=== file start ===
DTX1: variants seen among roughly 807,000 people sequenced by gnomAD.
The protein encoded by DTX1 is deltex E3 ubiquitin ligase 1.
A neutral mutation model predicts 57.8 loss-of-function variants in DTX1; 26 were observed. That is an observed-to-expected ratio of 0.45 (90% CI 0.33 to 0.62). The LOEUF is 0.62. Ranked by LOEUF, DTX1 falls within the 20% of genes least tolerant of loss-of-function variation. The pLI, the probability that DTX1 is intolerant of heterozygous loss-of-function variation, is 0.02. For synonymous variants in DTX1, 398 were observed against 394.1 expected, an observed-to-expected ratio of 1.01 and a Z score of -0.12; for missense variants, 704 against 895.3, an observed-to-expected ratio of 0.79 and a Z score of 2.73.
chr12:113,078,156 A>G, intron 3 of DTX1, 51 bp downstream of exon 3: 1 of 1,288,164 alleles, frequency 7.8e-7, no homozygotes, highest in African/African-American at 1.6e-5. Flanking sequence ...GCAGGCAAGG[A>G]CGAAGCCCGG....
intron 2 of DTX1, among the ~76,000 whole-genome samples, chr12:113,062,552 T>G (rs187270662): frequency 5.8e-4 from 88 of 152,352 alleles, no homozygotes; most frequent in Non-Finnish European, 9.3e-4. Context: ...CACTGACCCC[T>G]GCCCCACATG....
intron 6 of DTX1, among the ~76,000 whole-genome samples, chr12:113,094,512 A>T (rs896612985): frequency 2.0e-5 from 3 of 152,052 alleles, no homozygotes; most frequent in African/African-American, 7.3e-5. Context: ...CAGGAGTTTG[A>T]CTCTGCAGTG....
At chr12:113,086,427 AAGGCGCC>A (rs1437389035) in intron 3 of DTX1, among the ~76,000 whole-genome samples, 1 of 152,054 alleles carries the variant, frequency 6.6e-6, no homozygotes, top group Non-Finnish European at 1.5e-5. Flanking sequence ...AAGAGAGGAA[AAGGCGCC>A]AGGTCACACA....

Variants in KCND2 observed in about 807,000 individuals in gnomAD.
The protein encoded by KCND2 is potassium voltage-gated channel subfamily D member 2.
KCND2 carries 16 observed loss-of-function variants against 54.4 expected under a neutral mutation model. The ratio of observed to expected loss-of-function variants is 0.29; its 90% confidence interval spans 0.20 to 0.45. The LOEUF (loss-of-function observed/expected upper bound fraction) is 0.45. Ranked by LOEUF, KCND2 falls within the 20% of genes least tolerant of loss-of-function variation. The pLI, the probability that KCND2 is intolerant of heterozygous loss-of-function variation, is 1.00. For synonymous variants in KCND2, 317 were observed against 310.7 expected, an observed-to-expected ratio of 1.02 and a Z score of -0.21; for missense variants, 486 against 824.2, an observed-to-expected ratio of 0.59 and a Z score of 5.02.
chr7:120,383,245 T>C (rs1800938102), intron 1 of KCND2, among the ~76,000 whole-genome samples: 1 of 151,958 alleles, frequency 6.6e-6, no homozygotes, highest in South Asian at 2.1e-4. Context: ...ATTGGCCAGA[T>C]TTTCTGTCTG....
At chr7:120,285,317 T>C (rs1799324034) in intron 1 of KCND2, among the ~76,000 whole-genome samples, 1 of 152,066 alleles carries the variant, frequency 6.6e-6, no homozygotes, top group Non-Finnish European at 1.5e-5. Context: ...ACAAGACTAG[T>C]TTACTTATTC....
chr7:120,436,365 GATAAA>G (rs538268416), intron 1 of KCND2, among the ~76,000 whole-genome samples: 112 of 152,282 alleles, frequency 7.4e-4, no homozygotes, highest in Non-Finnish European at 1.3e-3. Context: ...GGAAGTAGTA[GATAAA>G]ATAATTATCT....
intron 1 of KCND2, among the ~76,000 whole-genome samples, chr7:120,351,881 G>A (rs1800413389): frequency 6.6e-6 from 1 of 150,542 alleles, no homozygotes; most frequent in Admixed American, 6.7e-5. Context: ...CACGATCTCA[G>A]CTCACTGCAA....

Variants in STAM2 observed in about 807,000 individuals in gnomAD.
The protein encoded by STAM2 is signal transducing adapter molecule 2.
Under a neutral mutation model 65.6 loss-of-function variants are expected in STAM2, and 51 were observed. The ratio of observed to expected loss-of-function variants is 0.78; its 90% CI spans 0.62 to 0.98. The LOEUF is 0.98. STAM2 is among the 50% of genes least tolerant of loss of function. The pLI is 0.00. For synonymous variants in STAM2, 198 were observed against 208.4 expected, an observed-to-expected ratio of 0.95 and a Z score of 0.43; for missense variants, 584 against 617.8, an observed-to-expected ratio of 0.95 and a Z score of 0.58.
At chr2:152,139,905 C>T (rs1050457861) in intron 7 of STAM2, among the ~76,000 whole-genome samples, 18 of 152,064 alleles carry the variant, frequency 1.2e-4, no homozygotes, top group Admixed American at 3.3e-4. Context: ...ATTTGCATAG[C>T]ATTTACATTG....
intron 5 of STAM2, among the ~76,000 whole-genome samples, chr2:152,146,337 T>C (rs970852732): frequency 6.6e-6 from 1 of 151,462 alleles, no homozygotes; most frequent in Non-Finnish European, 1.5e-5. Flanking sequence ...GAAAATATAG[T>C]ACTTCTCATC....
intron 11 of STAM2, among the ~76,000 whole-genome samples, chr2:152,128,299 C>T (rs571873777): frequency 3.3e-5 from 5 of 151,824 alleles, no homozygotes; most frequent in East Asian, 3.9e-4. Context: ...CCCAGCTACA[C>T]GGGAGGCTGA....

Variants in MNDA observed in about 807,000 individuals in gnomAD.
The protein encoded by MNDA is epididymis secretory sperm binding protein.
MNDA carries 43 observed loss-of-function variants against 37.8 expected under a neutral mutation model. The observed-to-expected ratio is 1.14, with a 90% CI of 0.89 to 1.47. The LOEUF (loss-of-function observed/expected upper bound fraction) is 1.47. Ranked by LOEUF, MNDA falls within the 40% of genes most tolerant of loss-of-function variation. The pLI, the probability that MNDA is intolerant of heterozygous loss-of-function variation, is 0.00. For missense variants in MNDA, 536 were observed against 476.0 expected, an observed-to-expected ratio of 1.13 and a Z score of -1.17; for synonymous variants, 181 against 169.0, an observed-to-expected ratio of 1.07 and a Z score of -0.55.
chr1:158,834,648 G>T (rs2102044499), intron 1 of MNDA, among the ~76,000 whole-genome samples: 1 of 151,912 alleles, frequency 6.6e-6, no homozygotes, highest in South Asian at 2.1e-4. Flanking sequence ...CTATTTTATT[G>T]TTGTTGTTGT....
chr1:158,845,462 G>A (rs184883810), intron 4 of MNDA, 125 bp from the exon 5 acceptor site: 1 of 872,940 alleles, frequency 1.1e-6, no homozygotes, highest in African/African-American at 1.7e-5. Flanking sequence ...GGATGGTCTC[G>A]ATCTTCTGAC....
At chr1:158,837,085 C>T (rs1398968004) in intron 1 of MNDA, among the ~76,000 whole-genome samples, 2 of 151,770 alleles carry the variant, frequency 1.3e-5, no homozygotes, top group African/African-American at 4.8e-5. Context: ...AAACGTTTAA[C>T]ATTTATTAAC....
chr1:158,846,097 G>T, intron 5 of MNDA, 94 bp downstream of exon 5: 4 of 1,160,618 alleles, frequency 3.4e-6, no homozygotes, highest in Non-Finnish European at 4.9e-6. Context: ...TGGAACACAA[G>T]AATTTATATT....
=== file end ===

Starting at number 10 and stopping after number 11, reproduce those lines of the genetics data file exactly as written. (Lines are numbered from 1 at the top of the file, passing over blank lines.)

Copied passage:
KCND2 carries 16 observed loss-of-function variants against 54.4 expected under a neutral mutation model. The ratio of observed to expected loss-of-function variants is 0.29; its 90% confidence interval spans 0.20 to 0.45. The LOEUF (loss-of-function observed/expected upper bound fraction) is 0.45. Ranked by LOEUF, KCND2 falls within the 20% of genes least tolerant of loss-of-function variation. The pLI, the probability that KCND2 is intolerant of heterozygous loss-of-function variation, is 1.00. For synonymous variants in KCND2, 317 were observed against 310.7 expected, an observed-to-expected ratio of 1.02 and a Z score of -0.21; for missense variants, 486 against 824.2, an observed-to-expected ratio of 0.59 and a Z score of 5.02.
chr7:120,383,245 T>C (rs1800938102), intron 1 of KCND2, among the ~76,000 whole-genome samples: 1 of 151,958 alleles, frequency 6.6e-6, no homozygotes, highest in South Asian at 2.1e-4. Context: ...ATTGGCCAGA[T>C]TTTCTGTCTG....